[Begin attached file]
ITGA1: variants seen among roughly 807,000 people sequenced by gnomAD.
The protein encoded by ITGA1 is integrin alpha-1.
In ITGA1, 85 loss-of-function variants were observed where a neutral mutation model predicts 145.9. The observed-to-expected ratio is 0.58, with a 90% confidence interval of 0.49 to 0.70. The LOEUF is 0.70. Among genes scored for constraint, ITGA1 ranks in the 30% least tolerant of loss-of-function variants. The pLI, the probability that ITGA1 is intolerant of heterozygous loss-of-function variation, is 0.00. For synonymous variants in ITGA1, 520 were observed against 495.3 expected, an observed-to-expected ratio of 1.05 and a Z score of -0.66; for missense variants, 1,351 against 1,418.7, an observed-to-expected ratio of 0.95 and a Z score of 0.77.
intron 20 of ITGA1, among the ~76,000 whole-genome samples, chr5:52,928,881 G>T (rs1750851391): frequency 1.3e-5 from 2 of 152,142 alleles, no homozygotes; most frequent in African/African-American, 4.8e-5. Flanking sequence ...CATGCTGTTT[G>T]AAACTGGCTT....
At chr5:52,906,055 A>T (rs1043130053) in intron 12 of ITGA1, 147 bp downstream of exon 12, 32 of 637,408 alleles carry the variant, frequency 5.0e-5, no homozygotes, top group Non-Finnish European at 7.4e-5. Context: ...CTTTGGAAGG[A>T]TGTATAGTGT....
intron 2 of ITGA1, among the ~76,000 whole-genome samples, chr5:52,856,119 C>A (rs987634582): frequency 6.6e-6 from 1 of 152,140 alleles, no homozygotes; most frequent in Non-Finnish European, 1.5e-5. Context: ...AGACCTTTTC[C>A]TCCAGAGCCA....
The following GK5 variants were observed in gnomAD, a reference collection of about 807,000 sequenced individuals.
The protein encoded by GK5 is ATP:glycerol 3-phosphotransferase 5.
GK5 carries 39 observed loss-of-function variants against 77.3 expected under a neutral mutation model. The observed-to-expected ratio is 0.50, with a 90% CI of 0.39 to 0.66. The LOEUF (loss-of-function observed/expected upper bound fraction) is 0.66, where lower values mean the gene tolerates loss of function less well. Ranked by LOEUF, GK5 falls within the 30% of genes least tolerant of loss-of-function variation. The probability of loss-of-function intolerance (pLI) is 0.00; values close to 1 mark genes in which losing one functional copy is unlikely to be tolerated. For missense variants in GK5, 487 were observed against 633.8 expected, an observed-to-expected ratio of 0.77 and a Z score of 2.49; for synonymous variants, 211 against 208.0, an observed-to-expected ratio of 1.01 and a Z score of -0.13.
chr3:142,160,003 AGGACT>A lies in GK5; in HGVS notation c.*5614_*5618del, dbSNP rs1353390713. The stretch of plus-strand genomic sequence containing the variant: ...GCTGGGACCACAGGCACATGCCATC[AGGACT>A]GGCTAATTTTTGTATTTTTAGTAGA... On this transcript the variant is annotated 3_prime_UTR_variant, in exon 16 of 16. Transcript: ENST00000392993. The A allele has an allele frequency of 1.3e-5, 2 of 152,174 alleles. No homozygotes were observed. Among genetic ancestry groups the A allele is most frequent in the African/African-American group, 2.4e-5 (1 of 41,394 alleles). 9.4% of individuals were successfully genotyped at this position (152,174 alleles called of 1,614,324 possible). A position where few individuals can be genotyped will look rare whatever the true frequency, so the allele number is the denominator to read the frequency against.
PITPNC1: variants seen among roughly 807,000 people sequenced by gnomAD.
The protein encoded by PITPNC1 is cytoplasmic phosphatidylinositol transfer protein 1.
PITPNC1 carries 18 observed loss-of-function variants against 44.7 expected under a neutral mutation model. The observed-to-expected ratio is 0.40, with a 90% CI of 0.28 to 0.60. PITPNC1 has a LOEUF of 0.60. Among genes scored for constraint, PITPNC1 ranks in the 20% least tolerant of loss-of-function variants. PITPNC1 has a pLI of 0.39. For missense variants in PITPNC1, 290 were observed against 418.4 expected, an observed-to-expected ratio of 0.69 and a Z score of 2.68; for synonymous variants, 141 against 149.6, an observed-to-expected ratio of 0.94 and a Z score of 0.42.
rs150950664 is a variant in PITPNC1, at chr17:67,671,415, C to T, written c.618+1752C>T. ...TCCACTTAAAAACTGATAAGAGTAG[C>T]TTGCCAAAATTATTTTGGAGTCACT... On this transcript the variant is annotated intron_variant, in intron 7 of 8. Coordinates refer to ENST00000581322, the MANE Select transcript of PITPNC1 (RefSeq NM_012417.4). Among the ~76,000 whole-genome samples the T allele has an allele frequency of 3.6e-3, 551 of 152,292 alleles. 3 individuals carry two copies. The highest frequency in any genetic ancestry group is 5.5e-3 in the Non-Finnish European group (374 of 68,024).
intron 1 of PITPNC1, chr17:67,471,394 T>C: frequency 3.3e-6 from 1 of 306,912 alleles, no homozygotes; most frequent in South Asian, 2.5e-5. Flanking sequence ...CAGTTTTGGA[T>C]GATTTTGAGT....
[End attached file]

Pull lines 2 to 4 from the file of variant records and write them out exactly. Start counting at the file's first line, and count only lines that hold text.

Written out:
The protein encoded by ITGA1 is integrin alpha-1.
In ITGA1, 85 loss-of-function variants were observed where a neutral mutation model predicts 145.9. The observed-to-expected ratio is 0.58, with a 90% confidence interval of 0.49 to 0.70. The LOEUF is 0.70. Among genes scored for constraint, ITGA1 ranks in the 30% least tolerant of loss-of-function variants. The pLI, the probability that ITGA1 is intolerant of heterozygous loss-of-function variation, is 0.00. For synonymous variants in ITGA1, 520 were observed against 495.3 expected, an observed-to-expected ratio of 1.05 and a Z score of -0.66; for missense variants, 1,351 against 1,418.7, an observed-to-expected ratio of 0.95 and a Z score of 0.77.
intron 20 of ITGA1, among the ~76,000 whole-genome samples, chr5:52,928,881 G>T (rs1750851391): frequency 1.3e-5 from 2 of 152,142 alleles, no homozygotes; most frequent in African/African-American, 4.8e-5. Flanking sequence ...CATGCTGTTT[G>T]AAACTGGCTT....